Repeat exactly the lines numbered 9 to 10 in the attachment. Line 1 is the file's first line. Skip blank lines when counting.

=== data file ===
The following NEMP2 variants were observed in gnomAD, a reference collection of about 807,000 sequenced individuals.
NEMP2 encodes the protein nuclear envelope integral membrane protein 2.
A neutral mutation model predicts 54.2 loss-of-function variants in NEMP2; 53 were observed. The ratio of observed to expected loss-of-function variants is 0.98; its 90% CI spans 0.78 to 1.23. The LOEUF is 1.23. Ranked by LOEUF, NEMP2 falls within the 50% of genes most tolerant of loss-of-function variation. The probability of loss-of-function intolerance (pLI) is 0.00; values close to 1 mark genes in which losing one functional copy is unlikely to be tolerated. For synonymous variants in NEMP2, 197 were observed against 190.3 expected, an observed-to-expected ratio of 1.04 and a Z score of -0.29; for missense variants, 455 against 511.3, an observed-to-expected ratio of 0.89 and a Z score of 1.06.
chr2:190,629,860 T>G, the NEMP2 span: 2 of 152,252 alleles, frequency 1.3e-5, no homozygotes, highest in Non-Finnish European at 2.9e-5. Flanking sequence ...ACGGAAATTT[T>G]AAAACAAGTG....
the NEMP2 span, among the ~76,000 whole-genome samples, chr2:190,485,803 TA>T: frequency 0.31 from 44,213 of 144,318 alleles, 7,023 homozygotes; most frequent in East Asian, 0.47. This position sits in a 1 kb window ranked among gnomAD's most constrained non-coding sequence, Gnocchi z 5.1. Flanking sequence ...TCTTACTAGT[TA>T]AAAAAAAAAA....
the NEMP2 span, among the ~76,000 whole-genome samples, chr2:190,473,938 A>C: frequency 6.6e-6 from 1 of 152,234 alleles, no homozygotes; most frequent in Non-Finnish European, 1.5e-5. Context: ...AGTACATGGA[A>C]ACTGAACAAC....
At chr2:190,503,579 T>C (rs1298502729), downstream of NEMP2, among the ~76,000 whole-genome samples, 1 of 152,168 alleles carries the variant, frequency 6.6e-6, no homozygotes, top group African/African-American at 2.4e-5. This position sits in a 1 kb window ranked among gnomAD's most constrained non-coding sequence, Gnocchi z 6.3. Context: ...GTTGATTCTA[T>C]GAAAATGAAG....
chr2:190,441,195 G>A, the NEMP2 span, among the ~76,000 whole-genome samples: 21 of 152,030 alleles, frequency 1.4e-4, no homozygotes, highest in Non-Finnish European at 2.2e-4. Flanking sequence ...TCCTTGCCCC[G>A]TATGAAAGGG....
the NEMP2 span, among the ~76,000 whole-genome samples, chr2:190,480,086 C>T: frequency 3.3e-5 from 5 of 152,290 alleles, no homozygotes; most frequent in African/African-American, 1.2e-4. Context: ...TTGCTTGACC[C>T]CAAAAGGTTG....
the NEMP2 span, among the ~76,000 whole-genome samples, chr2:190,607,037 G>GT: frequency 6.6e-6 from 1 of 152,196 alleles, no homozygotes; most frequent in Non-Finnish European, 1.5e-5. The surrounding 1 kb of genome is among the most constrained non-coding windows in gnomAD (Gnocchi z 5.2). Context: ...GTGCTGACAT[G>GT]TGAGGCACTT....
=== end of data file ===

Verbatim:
the NEMP2 span, among the ~76,000 whole-genome samples, chr2:190,480,086 C>T: frequency 3.3e-5 from 5 of 152,290 alleles, no homozygotes; most frequent in African/African-American, 1.2e-4. Context: ...TTGCTTGACC[C>T]CAAAAGGTTG....
the NEMP2 span, among the ~76,000 whole-genome samples, chr2:190,607,037 G>GT: frequency 6.6e-6 from 1 of 152,196 alleles, no homozygotes; most frequent in Non-Finnish European, 1.5e-5. The surrounding 1 kb of genome is among the most constrained non-coding windows in gnomAD (Gnocchi z 5.2). Context: ...GTGCTGACAT[G>GT]TGAGGCACTT....